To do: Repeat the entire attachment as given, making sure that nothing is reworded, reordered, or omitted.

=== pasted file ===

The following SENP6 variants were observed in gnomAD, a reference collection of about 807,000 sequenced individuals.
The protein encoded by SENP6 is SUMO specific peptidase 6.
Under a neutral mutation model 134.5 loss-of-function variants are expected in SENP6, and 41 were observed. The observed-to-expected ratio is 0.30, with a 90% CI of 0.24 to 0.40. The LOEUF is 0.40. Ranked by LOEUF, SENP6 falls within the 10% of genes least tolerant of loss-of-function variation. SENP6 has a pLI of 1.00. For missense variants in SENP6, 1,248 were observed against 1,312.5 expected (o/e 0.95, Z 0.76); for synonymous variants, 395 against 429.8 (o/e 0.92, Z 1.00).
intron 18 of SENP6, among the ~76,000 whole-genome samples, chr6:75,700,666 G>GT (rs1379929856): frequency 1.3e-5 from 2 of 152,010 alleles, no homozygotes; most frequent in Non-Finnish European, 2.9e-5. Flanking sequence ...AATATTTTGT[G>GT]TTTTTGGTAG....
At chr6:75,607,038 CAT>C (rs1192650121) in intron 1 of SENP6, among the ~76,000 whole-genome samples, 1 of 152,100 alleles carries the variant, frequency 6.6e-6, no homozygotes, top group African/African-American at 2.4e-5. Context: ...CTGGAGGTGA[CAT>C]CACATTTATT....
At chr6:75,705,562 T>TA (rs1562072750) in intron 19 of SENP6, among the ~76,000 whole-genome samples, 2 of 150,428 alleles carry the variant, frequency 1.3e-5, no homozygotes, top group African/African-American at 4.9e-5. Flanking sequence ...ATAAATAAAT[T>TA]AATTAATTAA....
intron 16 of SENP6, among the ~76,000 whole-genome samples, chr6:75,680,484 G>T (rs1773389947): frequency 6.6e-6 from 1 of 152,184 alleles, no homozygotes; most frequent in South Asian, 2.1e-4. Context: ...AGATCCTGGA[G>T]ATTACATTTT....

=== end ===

The following SENP6 variants were observed in gnomAD, a reference collection of about 807,000 sequenced individuals.
The protein encoded by SENP6 is SUMO specific peptidase 6.
Under a neutral mutation model 134.5 loss-of-function variants are expected in SENP6, and 41 were observed. The observed-to-expected ratio is 0.30, with a 90% CI of 0.24 to 0.40. The LOEUF is 0.40. Ranked by LOEUF, SENP6 falls within the 10% of genes least tolerant of loss-of-function variation. SENP6 has a pLI of 1.00. For missense variants in SENP6, 1,248 were observed against 1,312.5 expected (o/e 0.95, Z 0.76); for synonymous variants, 395 against 429.8 (o/e 0.92, Z 1.00).
intron 18 of SENP6, among the ~76,000 whole-genome samples, chr6:75,700,666 G>GT (rs1379929856): frequency 1.3e-5 from 2 of 152,010 alleles, no homozygotes; most frequent in Non-Finnish European, 2.9e-5. Flanking sequence ...AATATTTTGT[G>GT]TTTTTGGTAG....
At chr6:75,607,038 CAT>C (rs1192650121) in intron 1 of SENP6, among the ~76,000 whole-genome samples, 1 of 152,100 alleles carries the variant, frequency 6.6e-6, no homozygotes, top group African/African-American at 2.4e-5. Context: ...CTGGAGGTGA[CAT>C]CACATTTATT....
At chr6:75,705,562 T>TA (rs1562072750) in intron 19 of SENP6, among the ~76,000 whole-genome samples, 2 of 150,428 alleles carry the variant, frequency 1.3e-5, no homozygotes, top group African/African-American at 4.9e-5. Flanking sequence ...ATAAATAAAT[T>TA]AATTAATTAA....
intron 16 of SENP6, among the ~76,000 whole-genome samples, chr6:75,680,484 G>T (rs1773389947): frequency 6.6e-6 from 1 of 152,184 alleles, no homozygotes; most frequent in South Asian, 2.1e-4. Context: ...AGATCCTGGA[G>T]ATTACATTTT....